Several residents gathered at the Pagosa Springs Youth Center on Monday, Martin Luther King, Jr. Day, to declare, “I have a dream.”
Certainly that dream was considerably less ambitious than Rev. King’s, but it was one that has moved closer to reality as adults and children met at the PSYC to decide on features for a town skate park — a project that has seen numerous setbacks over the past few years, but finally may be moving forward to construction as early as this spring, with completion of the park possible by mid-summer.
Several area skateboarders, PSYC Director Joanne Irons, along with Skaters Coalition for Concrete (SCC, the grassroots organization that has worked the past several years to raise money for a skate park) member Mike Musgrove, Pagosa Springs Town Council member Shari Pierce and Pagosa Springs Parks and Recreation Supervisor Tom Carosello met to look at features that could be included in the plaza-style skate park, asking the skateboarders to choose their four favorite proposed features. Fortunately for the project, the skateboarders were all too happy to provide their input and appeared happy to be asked. Indeed, they appeared happy that a skate park was being built at all: “We thought this thing was never going to happen,” one skater said at the meeting.
In fact, until mid-December, it appeared that the town had thrown up its hands in its pursuit of building a skate park. After several fits and starts seeking funds for a facility (with some cost estimates running well over $400,000) and previously promised private funding drying up in the climate of a tough economy, it appeared that the skateboarders’ concerns were warranted. A grant application deadline in August 2010 for Greater Outdoor Colorado (GOCO) for the skate park was missed with not so much as a whisper from the town as plans for the project appeared to have been shelved in the dark and dusty closets of Town Hall.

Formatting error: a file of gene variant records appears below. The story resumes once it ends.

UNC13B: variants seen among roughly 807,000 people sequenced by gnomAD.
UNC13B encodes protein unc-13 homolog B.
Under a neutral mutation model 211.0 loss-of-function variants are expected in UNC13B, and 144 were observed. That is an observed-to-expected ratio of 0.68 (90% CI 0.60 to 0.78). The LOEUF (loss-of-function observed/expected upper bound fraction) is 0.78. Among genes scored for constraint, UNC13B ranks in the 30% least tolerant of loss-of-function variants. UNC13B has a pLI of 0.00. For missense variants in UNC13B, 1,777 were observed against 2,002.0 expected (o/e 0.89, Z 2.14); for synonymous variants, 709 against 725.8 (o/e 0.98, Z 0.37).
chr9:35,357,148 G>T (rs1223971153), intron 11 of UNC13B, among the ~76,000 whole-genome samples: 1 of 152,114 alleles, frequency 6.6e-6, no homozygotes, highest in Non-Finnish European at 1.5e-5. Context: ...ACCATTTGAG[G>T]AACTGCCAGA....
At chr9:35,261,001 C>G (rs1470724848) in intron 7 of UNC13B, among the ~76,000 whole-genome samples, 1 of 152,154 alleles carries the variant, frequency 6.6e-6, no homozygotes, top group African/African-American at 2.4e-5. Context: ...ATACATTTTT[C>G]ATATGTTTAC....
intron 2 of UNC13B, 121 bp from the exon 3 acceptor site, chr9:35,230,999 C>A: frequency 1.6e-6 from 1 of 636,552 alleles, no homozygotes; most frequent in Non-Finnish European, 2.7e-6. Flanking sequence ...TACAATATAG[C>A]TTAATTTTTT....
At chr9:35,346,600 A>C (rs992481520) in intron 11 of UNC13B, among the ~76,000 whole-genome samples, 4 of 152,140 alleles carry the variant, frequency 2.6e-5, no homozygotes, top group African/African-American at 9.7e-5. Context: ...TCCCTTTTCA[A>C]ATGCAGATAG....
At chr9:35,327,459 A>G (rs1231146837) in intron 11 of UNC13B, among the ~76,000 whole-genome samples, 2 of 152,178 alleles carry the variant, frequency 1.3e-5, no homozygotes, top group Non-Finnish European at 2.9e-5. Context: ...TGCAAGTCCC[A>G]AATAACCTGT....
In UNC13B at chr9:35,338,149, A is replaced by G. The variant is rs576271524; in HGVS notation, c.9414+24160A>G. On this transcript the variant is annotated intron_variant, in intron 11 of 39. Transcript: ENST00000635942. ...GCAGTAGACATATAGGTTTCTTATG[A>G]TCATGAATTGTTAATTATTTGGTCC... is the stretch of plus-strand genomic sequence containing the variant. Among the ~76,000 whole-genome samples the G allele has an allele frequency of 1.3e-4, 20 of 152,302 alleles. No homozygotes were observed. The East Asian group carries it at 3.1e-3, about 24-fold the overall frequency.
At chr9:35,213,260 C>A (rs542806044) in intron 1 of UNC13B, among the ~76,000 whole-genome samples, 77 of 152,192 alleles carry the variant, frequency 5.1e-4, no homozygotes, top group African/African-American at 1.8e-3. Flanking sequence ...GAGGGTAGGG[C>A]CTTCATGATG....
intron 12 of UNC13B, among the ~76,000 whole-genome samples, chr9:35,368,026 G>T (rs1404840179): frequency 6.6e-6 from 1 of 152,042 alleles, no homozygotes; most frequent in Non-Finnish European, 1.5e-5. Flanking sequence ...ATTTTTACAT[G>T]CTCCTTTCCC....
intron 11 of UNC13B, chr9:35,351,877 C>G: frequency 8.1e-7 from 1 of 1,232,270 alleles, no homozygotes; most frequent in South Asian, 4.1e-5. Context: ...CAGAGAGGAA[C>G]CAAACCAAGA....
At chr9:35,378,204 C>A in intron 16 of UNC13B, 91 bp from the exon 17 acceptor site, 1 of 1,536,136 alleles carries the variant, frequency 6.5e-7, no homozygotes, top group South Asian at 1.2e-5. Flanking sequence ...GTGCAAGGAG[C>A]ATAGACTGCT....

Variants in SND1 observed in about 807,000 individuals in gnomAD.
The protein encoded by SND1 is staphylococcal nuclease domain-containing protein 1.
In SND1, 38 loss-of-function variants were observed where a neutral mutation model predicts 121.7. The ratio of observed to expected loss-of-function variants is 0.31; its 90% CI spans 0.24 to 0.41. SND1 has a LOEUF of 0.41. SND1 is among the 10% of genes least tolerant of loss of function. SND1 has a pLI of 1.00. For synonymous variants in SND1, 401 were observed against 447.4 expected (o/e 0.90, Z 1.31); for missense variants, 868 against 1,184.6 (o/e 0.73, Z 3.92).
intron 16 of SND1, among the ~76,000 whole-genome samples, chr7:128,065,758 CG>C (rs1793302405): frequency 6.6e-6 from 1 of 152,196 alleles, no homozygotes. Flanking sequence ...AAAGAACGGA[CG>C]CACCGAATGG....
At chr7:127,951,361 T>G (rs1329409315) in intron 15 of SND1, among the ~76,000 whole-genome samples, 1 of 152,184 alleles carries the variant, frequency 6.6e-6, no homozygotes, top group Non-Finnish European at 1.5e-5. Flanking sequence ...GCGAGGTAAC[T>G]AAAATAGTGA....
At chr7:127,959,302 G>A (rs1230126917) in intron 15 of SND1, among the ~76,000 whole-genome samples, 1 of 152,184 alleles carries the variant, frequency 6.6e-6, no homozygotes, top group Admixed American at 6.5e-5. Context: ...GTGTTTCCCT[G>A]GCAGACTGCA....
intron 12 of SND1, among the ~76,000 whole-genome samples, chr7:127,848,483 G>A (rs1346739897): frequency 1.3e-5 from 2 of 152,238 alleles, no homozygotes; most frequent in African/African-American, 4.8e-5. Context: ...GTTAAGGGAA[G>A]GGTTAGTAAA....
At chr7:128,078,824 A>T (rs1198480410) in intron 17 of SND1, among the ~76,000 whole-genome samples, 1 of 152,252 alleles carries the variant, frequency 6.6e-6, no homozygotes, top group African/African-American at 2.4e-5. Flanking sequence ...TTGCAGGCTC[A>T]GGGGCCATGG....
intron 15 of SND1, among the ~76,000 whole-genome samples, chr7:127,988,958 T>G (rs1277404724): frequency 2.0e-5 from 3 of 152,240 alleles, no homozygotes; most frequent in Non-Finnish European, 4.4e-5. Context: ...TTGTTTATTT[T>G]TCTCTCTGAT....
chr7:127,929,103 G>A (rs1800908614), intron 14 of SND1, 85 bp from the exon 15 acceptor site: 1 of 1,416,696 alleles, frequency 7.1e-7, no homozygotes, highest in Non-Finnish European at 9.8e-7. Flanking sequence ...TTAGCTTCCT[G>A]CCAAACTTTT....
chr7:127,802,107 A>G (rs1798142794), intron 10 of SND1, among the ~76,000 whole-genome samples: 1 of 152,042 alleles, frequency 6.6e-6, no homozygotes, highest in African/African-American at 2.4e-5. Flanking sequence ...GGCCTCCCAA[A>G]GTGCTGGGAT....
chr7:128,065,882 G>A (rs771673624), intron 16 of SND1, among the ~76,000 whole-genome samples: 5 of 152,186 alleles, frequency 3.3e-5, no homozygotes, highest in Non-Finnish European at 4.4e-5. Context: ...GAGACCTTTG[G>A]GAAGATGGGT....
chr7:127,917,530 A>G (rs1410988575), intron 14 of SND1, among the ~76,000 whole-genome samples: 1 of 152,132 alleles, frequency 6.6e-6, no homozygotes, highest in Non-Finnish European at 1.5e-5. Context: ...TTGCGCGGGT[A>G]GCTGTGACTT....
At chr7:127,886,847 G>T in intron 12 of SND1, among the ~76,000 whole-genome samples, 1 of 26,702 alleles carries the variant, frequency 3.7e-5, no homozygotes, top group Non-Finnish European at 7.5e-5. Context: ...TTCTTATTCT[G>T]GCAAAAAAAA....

Fortunately, Pierce was not quite ready to allow the project to go the way of a town recreation center. Having seen plans and costs for more modest plaza-style parks, Pierce realized that many municipalities had constructed parks for costs well below the previously proposed $400,000-plus price tag. Approaching the town’s Parks and Recreation commission in mid-December with the notion that she could probably convince council to put out $30,000 to complete the project (the town had previously committed to providing a portion of Yamaguchi Park for the skate park), Pierce said town money would supplement $50,000 allocated by the Archuleta Board of County Commissioners.
On Jan. 4, council approved a motion to release $30,000 for the project.
The tone at Monday’s meeting was friendly, a palpable enthusiasm by the skateboarders that something was finally moving forward and that they were being consulted in the facility’s overall design. However, after choosing the features they felt would be the most popular (or fun), the skaters were clear that their eye was on further expansion of the facility — a notion not rejected by Pierce, Irons or Carosello.
In fact, Irons stated that a completed skate park, with monies already expended by the county and town, along with the value of the land where the park would reside, could go a long way toward further expansion and additional features when leveraging future grant funding.
The skaters acknowledged the fact that there was a good deal of work to be done, both in the near and distant future (Irons stated she hoped to secure school credit for skaters diligent in working toward the completion of the park) and that they would have to police the skateboarding community (nixing graffiti, drug use, violence, etc.) to achieve a bigger, better park.
While Dr. King’s vision of racial comity, peace and social justice still has far to go, it was appropriate that the day celebrating his birth saw the Town of Pagosa Springs taking another step forward in the pursuit of a dream too long deferred: the completion of a park where kids can meet and skateboard through the area’s many sunny days.